09.11.2020 - Reading time 7 Minutes

Face-to-face via video conference

A few years ago, the use of video conferencing systems was still the exception. In the meantime, video conferencing systems have become an indispensable part of everyday business for many companies. Since video conferencing involves the processing of a large amount of personal data, specific data protection requirements need to be observed. This still receives too little attention in most companies.The following are therefore some tips and advice to consider when choosing a video conferencing system and conducting video conferences. (This list is not conclusive).

  • Contractual protection.
    Many providers of video conferencing systems make their service available as Software as a Service (Saas). Customers receive the corresponding order processing contracts online. An order processing contract is intended to establish the basis of the data processing performed by the video conferencing system provider on the instructions of the controller. Providers who do not supply you with a processing contract despite their status as a processor within the meaning of Article 28 of the GDPR should not be commissioned. Under certain circumstances, it may alternatively be necessary to conclude a joint controller agreement. This is the case when you and the video conferencing system provider jointly decide on the purposes and means of processing personal data and therefore qualify as joint controllers within the meaning of Article 26 GDPR.
  • Third country transfer.
    Furthermore, you should take note of where the actual processing of personal data occurs. Some video conferencing system providers or their affiliates and/or sub-processors are located in the USA and therefore process personal data outside the EU or EEA. Inform yourself in advance whether an adequate level of data protection is available in possible third countries pursuant to Article 44 et seq. GDPR. The USA should in any case be viewed critically now that the ECJ has declared the EU – U.S. Privacy Shield 2020 to be ineffective. Most video conferencing system providers with ties to the USA now make use of standard data protection clauses. The ECJ holds that the standard data protection clauses alone are not sufficient to ensure an adequate level of protection for EU/US related processing operations. Rather, additional security measures are required for this, especially with regard to access by the authorities. The specific measures required must be considered on a case-by-case basis.
  • TOMs.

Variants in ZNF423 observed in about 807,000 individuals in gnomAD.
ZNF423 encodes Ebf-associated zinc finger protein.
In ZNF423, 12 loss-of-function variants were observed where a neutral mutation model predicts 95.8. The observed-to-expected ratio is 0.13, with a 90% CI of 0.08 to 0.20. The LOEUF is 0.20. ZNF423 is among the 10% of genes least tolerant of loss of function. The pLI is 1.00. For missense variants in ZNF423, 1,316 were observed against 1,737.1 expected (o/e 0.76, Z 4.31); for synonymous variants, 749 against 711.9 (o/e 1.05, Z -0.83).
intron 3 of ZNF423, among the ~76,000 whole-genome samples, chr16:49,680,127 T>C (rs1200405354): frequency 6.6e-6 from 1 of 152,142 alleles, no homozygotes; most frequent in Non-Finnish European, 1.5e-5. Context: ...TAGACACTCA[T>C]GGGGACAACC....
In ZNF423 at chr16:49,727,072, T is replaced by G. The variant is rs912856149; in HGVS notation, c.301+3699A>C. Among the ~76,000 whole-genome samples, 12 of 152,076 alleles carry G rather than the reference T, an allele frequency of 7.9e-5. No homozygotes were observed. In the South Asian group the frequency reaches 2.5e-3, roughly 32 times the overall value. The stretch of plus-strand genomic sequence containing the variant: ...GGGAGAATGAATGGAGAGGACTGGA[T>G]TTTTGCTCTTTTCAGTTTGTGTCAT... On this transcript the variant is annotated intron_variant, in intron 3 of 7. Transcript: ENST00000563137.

When selecting the video conferencing system provider, care must be taken to ensure that it takes appropriate technical and organisational measures to ensure secure processing of personal data. The personal data concerned in the processing are subject to security in accordance with the legal requirements of the GDPR and their respective level of protection. A detailed overview of the measures taken should be obtained in this regard. Among other factors, encryption during transmission and storage is important to protect the data from unauthorised access by third parties.
  • Information obligations.
    As the initiator and controller for the video conference, you are obliged to inform the participants about the processing of their personal data pursuant to Article 13 et seq. GDPR. In addition to the general information on the controller, the legal basis and the purpose of processing, the data subjects are also to be informed about the storage period and other issues inherent to the video conference. Note: Any recording of the video conference should generally be avoided. However, if recording is necessary in view of the specific purpose of the video conference, then those concerned should receive timely notification. The consent of the participants is required for this in cases of doubt.
  • Implementation.
    When conducting video conferences, further data protection requirements need to be observed. Frequently, during video conferences, the private domain of the participants’ lives is visible. In such cases, it is advisable either to refrain from video transmission in general or to place oneself in front of a neutral background. Numerous providers also offer the alternative of inserting neutral digital backgrounds. Those responsible in the company should also define the sharing of documents or the screen in a uniform manner and inform the employees accordingly. Screen sharing generally increases the risk of unauthorised access to personal data by third parties.

In addition to the points listed above, further useful information is available in the “Guide to Video Conferencing Systems” of the Data Protection Conference of 23.10.2020 (<u>https://datenschutz-hamburg.de/assets/pdf/OH-Videokonferenzsysteme.pdf</u>).

Should you require an individual consultation, please contact the team at secjur GmbH.

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